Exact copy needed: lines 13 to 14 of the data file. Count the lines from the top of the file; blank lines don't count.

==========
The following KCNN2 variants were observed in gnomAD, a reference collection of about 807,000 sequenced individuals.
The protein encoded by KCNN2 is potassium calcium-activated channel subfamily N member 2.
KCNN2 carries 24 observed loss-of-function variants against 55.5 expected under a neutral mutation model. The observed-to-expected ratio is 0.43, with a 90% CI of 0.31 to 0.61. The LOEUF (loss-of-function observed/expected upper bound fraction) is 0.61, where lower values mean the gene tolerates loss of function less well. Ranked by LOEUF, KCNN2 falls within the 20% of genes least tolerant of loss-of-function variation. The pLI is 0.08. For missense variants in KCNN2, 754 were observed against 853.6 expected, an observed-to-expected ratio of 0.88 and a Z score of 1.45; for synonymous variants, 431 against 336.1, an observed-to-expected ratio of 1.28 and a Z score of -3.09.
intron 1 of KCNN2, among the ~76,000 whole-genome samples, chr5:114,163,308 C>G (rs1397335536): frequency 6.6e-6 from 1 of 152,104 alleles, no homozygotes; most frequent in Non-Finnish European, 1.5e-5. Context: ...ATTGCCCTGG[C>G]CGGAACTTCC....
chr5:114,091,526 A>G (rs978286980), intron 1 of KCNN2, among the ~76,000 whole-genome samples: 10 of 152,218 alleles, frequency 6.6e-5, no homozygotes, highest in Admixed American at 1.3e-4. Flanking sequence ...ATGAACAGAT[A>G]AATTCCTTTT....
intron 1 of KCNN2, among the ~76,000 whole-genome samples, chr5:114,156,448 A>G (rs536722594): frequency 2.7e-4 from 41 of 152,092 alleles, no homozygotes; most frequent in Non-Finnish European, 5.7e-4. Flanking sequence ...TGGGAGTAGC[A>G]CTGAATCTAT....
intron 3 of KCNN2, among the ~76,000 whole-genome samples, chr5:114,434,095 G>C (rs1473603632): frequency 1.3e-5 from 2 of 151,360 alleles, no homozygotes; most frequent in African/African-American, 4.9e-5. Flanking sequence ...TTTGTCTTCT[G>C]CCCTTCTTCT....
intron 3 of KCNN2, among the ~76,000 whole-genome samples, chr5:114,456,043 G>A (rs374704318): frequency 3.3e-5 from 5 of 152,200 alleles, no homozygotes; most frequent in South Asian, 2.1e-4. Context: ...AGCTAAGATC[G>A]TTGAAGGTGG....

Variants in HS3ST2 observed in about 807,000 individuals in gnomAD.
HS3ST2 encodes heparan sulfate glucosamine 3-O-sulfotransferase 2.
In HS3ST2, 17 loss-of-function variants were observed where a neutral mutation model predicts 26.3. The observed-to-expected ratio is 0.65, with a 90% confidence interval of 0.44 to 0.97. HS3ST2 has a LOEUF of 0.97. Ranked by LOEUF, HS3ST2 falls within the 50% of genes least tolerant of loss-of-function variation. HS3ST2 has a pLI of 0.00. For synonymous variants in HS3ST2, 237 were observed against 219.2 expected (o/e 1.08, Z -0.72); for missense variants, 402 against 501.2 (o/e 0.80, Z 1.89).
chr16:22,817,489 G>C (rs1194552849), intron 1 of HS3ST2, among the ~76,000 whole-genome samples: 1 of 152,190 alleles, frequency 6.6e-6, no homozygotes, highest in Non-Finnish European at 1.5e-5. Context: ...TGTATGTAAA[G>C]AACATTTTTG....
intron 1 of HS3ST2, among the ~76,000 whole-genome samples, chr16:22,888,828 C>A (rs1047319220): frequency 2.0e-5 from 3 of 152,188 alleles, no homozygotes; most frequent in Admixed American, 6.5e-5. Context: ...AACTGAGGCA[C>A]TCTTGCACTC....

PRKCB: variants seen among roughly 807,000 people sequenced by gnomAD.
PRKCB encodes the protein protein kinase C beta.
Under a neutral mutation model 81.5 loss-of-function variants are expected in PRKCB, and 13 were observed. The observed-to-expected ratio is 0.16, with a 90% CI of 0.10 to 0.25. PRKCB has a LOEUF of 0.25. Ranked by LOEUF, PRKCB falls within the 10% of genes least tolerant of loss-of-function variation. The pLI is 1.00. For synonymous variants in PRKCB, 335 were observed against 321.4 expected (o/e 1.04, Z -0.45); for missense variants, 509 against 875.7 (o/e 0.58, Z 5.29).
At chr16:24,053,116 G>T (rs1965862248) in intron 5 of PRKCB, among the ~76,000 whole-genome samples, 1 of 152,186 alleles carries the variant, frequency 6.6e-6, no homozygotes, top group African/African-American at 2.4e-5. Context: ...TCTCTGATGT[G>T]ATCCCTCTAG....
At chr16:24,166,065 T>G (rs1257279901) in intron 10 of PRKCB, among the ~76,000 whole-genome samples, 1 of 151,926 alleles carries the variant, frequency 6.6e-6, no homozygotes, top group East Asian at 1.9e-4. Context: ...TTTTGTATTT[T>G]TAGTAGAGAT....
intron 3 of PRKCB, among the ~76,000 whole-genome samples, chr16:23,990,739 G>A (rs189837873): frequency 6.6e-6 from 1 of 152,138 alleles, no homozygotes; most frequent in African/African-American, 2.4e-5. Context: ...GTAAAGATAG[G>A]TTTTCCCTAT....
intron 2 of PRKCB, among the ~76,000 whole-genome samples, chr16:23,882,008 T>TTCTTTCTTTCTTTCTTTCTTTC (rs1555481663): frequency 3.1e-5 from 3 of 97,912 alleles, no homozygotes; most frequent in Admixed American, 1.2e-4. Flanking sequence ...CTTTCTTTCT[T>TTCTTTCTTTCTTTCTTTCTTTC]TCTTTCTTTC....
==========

intron 1 of HS3ST2, among the ~76,000 whole-genome samples, chr16:22,888,828 C>A (rs1047319220): frequency 2.0e-5 from 3 of 152,188 alleles, no homozygotes; most frequent in Admixed American, 6.5e-5. Context: ...AACTGAGGCA[C>A]TCTTGCACTC....

PRKCB: variants seen among roughly 807,000 people sequenced by gnomAD.